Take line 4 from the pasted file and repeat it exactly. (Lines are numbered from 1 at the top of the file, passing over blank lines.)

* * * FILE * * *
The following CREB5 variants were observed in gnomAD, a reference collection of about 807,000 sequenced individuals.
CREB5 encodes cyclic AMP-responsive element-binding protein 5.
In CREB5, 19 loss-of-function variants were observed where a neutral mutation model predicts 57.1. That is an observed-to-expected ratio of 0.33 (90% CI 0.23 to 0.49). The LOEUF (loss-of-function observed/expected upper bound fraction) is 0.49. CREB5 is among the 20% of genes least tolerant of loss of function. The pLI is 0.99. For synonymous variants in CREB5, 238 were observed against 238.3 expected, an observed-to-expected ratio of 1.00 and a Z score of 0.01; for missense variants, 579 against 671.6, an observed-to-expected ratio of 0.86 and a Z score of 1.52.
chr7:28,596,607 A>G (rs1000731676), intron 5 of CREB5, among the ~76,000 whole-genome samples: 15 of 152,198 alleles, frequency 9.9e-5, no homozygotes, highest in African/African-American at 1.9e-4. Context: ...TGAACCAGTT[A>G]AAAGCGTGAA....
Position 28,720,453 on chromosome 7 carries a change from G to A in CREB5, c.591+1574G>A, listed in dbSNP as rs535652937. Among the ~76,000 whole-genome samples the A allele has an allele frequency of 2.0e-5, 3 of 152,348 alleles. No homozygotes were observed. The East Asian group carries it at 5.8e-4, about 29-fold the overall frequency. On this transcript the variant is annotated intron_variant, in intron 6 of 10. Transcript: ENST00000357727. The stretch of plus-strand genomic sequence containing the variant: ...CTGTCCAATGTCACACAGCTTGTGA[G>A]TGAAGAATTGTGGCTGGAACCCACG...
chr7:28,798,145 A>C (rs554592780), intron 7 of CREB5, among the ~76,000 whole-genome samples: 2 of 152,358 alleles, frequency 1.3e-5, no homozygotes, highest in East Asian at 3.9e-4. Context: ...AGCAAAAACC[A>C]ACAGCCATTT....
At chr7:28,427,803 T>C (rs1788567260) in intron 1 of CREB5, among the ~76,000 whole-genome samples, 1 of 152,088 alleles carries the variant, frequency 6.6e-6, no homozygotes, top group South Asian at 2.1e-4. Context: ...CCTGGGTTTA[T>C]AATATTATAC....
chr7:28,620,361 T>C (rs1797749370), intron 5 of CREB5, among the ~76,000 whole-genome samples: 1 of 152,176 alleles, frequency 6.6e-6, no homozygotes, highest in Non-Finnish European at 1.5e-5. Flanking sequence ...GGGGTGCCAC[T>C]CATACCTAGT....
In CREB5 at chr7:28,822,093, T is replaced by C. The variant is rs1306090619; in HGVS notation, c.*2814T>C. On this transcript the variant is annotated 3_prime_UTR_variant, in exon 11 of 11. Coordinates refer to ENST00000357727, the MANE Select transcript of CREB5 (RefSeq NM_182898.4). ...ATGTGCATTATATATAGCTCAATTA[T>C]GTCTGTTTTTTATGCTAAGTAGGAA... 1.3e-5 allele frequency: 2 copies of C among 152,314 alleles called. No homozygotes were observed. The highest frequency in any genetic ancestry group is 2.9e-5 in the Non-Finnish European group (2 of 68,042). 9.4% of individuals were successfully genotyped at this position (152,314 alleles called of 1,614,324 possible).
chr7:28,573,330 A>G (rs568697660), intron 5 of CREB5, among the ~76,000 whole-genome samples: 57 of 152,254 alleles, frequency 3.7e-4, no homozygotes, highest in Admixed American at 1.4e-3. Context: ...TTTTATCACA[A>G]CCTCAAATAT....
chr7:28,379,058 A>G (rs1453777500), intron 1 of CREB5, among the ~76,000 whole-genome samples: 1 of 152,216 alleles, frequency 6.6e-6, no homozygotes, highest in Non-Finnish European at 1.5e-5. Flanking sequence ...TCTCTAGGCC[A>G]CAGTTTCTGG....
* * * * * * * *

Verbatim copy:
chr7:28,596,607 A>G (rs1000731676), intron 5 of CREB5, among the ~76,000 whole-genome samples: 15 of 152,198 alleles, frequency 9.9e-5, no homozygotes, highest in African/African-American at 1.9e-4. Context: ...TGAACCAGTT[A>G]AAAGCGTGAA....